Riverside County’s early mandate proving to flatten curve

Riverside County Sheriff’s deputies are handing out voluntary compliance pamphlets, letting residents know they need to wear a mask when out on essential errands and they have the authority to ticket or arrest anyone who violates the order but they haven’t needed to.

Sheriff Chad Bianco says residents are following the mandate and it’s definitely making a difference.  

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It’s been two weeks since Riverside County lost two deputies in one day to COVID-19. The sheriff knew both David Werksman and Terrell Young.

“They were good men, they were dad’s, they were husbands,” said Sheriff Bianco. “Work came second. They were family people and really I’ll just remember them as a friend.”

It’s been about two and a half months since the first plane from Wuhan, China landed at March Air Reserve Base, set up as a quarantine, giving county leaders instant access to top health officials. 

“We had CDC and some of those experts and we were able to learn directly from them and learn what they were concerned with and that really allowed us to start early planning,” said Riverside County Emergency Management Senior Public Information Specialist Shane Reichardt.

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It’s a plan that led to Riverside County, with the fourth largest population in the state, being the first in California to mandate face coverings in public, which county leaders say has translated into far fewer cases.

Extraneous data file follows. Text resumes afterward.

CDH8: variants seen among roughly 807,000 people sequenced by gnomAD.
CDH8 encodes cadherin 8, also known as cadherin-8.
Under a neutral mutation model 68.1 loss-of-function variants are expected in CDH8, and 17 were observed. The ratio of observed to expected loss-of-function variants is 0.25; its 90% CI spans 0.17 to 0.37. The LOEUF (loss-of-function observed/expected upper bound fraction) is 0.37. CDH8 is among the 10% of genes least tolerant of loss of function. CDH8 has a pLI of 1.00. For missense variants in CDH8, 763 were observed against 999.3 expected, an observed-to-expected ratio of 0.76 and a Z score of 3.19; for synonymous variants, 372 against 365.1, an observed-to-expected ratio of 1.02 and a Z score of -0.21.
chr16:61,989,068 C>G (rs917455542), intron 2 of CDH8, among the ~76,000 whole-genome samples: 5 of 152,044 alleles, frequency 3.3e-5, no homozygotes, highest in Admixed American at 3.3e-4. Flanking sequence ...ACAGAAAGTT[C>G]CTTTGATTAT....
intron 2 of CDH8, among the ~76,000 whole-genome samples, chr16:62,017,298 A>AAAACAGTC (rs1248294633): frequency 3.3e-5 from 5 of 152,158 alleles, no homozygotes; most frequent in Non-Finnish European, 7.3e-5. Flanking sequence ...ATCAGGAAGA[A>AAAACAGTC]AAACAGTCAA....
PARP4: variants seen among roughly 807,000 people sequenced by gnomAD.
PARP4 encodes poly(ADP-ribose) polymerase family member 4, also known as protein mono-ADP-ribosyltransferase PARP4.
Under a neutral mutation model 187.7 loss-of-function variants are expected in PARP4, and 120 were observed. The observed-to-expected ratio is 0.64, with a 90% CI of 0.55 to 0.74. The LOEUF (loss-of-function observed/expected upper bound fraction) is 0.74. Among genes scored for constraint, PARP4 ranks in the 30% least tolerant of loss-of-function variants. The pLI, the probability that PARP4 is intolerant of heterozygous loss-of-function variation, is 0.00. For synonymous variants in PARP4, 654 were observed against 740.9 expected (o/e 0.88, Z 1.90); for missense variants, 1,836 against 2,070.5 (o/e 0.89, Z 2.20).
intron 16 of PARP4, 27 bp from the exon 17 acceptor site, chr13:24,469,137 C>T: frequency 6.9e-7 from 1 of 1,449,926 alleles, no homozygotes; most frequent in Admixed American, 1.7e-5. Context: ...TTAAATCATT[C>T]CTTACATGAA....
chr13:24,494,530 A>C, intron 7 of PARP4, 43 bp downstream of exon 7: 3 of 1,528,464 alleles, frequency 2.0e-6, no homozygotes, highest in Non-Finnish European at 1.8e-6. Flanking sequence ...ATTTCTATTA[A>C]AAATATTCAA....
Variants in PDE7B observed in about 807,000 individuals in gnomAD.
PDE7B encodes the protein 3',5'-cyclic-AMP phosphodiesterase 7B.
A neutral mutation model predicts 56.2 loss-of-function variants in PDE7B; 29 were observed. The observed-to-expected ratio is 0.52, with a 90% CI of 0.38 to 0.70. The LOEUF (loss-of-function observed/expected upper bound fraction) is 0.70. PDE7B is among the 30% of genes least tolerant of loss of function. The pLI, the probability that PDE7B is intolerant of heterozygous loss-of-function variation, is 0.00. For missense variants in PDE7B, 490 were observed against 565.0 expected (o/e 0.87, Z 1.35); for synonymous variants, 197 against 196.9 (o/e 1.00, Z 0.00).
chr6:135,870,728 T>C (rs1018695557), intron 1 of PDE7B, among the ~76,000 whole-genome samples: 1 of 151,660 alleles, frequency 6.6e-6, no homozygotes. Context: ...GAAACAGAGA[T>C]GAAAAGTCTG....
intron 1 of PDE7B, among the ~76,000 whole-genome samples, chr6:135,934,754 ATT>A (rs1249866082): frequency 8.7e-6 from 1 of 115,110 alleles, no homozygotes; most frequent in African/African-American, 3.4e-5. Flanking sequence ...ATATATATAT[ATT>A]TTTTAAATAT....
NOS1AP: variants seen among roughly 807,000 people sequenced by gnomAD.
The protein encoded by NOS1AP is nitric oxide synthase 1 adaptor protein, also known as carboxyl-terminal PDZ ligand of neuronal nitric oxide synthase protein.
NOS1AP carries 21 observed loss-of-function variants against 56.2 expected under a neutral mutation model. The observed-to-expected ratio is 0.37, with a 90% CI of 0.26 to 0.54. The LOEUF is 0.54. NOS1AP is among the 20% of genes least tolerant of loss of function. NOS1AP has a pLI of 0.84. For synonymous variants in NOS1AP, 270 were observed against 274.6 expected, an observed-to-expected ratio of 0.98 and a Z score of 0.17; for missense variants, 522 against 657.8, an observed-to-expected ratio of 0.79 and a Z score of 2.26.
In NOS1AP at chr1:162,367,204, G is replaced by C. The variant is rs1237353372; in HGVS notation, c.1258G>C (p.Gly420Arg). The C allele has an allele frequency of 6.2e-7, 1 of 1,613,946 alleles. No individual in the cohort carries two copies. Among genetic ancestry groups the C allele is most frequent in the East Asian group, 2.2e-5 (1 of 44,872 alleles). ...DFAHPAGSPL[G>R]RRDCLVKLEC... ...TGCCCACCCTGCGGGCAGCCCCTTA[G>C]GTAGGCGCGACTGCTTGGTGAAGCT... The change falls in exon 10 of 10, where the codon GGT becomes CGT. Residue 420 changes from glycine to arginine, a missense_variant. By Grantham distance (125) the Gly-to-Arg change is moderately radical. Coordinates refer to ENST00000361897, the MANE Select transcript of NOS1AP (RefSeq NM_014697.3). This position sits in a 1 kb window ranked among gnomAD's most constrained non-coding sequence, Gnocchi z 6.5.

“What I really want to say to Riverside County residents is thank you,” said the sheriff. “We don’t know when it’s going to be over with but if everybody is on board and does their part it’s certainly going to be quicker.”

And the sheriff is pleading for the community to stay on track, so they don’t have to bury anyone else, like his own men. “If you really want to honor their deaths, wear a mask and stay home.”

Cases in Riverside County are growing at much slower pace, now doubling in seven days rather than in four and a half, proving they are flattening the curve and not overwhelming the hospitals and EMS system.

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The sheriff told FOX 11 it is impossible for him to be more proud of his department. He said after losing his two deputies, their colleagues from the same jail volunteered to work overtime in the same facility right away, knowing what they were getting themselves into, but also knowing the community needed them.